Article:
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After reading about the joint meeting of the School Board and the Board of Supervisors regarding the school budget (Feb 11), I suggest this paper investigate in greater depth the Local Composite Index (LCI), the calculation used by the state to allocate funding to school districts, and how it affects so adversely the funding provided by the state to Rappahannock’s schools. This is not a new issue, our state funding has been dropping for quite some time. I also wonder whether the Board of Supervisors has dug deeper into this issue, how it works, what could be done, and what the implications are for addressing it.
From publicly available data on the state’s department of education site, of the 207 county and city school districts in Virginia, Rappahannock is one of only eight to have LCI scores so high that they generate the lowest state funding possible. These calculations are based primarily on property values and incomes. Nearly 10% of our citizens are below the federal poverty level. The same is true for surrounding counties but they get at least 25-30% more state funding. One reason is that our county ranks much higher in national and state rankings of income inequality. Of all 207 Virginia school districts we rank fifth in per capita property tax value and twelfth in per capita income. Wow!
The problem appears to be that the LCI does not take into account unusually wide disparities in incomes and property values, especially in small counties. Basically every time more wealthy folks move in and build expensive homes, and report high levels of annual income as county residents, we lose more state tax funding for our schools. So either our schools suffer, or we raise property taxes, or we find other ways to deal with the problem.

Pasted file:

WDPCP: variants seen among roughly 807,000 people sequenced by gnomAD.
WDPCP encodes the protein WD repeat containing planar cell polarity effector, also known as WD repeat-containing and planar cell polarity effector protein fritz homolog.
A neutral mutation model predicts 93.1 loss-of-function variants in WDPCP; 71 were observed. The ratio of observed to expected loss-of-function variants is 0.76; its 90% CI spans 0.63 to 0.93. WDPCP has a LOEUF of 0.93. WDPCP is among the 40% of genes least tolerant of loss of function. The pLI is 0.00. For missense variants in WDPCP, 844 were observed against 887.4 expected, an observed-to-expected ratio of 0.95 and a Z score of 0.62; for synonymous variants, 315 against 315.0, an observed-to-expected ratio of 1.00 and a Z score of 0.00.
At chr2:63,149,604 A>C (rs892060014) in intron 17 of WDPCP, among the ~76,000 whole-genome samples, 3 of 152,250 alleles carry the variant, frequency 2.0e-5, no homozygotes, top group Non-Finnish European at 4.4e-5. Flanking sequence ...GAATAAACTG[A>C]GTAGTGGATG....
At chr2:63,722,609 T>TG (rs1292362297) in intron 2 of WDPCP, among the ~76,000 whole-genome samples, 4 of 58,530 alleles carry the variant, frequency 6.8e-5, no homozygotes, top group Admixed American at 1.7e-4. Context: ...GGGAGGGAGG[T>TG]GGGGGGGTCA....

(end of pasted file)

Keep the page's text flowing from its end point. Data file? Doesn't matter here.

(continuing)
We need leadership to look for serious solutions to this problem. Has the Board of Supervisors looked into ways to get the state LCI process to be more fair and equitable for our county? And are our state delegate [Michael] Webert and senator [Mark] Obenshain working in Richmond to help make that happen?
Have our supervisors explored ways to increase our property tax revenues in a way that won’t hurt the folks at the bottom of the wealth ladder? For example, the counties around us have an Open Space designation, which is permitted by the Virginia tax code as an alternative to land use for tax abatements. It allows the county to collect taxes at a level higher than land use but lower than full taxation. Have they looked into that as a way to increase our tax revenue in a manner that would still retain our beautiful view shed? I bet a lot of folks would be happy to pay somewhat higher taxes to avoid the hassle and costs of maintaining land use.
It is time we held our leaders accountable for solving these problems, rather than constantly dealing with political side shows.
The writer lives in Castleton.